Once this was the third largest church in Venice, an immense complex with dormatories, cloisters and orchards, founded in 1318 for the Servite friars. It was, most famously, the home of Fra Paolo Sarpi, the hero of the Great Interdict, whose statue stands nearby in front of Santa Fosca. Sarpi's good friend Galileo was one of the monastery's illustrious visitors.
The monastery was destroyed in a massive fire in 1769, and in 1812, when it was suppressed, most of the other buildings were demolished, their rich works of art scattered around Venice and the world. Sarpi's remains, once buried in the church, were removed to San Michele.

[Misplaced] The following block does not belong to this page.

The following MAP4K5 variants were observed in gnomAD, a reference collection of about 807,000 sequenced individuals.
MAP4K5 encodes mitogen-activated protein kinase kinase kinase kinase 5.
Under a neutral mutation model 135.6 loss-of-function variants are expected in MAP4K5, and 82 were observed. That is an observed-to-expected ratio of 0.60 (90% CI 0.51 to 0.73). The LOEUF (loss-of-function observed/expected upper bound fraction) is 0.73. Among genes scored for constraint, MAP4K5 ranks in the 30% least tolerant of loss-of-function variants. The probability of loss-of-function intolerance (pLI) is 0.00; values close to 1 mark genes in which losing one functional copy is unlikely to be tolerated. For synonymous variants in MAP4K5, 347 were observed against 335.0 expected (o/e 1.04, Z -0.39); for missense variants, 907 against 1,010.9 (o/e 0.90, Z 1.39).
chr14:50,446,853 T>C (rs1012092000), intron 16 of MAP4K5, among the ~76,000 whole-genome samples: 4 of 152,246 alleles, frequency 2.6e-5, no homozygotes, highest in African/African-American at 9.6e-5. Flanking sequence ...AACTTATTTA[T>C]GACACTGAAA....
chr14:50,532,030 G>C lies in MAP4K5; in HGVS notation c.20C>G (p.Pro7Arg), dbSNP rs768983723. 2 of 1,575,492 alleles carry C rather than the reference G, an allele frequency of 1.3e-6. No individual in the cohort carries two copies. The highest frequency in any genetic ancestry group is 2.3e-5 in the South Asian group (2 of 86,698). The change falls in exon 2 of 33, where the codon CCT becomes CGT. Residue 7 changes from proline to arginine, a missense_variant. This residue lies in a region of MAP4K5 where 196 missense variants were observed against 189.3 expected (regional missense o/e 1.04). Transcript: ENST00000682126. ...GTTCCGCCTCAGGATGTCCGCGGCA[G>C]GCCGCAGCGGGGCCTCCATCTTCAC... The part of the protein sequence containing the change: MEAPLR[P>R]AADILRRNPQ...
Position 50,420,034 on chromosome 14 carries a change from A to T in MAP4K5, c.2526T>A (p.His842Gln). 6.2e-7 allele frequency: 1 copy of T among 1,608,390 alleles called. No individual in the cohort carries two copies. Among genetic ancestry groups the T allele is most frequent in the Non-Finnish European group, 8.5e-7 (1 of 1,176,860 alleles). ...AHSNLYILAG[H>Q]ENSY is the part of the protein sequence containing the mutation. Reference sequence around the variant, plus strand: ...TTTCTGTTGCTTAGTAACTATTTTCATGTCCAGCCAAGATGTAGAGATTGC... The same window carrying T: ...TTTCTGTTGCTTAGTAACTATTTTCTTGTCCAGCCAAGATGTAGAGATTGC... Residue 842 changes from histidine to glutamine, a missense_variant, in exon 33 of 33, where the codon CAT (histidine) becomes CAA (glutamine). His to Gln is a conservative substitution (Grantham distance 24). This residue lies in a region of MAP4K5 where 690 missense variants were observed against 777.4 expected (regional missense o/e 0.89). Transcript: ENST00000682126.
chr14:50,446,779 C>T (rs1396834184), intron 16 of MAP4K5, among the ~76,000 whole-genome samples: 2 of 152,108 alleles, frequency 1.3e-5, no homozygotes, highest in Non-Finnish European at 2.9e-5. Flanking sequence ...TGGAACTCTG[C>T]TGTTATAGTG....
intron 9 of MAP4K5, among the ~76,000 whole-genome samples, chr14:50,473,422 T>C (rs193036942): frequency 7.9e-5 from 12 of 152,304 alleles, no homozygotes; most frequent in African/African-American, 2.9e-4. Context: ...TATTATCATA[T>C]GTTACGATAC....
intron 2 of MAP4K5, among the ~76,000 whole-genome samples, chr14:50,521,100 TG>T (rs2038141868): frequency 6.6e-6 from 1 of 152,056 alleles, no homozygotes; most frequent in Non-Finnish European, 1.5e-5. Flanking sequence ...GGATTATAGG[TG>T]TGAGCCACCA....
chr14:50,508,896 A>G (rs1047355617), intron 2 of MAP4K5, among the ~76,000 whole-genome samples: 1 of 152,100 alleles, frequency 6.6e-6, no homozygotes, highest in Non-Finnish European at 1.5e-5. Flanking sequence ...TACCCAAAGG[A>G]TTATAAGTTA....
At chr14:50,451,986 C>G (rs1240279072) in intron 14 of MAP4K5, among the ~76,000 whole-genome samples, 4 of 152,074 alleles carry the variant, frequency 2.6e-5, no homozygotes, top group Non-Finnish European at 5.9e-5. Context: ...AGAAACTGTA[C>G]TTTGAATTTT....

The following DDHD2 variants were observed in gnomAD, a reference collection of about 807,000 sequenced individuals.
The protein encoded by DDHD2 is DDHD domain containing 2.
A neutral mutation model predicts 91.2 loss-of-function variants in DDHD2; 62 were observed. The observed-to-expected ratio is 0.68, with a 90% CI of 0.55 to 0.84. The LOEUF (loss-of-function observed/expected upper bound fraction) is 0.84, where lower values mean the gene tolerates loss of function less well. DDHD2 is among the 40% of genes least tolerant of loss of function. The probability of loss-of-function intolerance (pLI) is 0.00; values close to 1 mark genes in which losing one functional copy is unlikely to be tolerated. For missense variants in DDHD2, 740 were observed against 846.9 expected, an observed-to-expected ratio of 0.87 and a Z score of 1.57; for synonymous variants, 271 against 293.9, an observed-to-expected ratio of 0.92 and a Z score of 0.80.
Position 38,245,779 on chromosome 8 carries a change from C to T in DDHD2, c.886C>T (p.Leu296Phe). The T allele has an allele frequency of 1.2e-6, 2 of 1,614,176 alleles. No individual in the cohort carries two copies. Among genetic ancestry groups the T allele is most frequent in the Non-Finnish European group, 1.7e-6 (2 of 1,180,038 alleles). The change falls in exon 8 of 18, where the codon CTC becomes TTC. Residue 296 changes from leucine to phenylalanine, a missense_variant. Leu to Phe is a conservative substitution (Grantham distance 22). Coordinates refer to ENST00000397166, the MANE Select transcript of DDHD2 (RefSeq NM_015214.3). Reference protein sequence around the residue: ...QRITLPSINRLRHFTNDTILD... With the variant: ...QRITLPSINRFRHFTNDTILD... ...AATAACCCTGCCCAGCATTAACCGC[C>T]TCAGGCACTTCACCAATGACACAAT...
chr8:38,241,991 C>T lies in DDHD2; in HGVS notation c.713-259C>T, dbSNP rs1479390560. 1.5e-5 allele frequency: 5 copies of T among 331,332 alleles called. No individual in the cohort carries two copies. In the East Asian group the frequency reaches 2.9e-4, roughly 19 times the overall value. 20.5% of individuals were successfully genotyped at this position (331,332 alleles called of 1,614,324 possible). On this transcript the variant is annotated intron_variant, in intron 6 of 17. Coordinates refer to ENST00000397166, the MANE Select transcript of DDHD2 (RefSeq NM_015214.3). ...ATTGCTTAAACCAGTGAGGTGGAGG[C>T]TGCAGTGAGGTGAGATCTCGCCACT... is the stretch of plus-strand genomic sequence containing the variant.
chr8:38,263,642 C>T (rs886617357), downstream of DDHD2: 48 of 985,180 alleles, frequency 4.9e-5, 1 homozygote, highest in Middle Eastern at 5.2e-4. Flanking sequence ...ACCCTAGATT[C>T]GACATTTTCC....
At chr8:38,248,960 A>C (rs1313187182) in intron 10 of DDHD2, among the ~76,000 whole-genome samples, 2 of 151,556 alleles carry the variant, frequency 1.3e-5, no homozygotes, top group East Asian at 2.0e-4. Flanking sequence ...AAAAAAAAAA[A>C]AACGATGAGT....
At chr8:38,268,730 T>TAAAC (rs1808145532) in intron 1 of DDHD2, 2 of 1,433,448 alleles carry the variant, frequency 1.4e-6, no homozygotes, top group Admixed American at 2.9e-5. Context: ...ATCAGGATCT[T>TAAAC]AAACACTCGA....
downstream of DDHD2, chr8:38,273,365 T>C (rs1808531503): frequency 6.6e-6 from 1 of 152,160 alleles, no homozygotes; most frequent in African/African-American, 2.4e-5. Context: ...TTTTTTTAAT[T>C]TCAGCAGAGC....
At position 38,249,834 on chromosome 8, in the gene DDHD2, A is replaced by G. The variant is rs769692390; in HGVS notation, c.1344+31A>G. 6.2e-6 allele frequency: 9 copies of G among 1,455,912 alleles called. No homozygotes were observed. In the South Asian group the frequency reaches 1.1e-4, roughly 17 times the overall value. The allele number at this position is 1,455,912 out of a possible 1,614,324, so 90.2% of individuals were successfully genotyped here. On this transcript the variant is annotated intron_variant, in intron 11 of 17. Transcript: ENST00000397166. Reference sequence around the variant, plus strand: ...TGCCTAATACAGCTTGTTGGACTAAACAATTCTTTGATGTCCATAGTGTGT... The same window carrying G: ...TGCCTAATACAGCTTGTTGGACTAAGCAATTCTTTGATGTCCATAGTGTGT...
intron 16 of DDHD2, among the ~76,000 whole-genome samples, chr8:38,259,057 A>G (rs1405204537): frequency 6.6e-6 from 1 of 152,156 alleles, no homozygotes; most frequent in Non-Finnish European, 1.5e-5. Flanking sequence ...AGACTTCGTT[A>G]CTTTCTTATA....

Today there's a pair of 15th-century gates, including the romantic Portale di San Pellegrino, and the 14th-century Cappella dei Lucchesi dedicated to the Volto Santo of Lucca. The site was rebuilt as a charitable refuge for women released from prison, the Istituto Canal Marovich ai Servi, which in the 20th century expanded into a school for girls orphaned by the World Wars. It closed in the late 1960s and now serves as the Ostello Santa Fosca.
Hours Seldom open
vaporetto: San Marcuola
Images by: Didier Descouens, Creative Commons License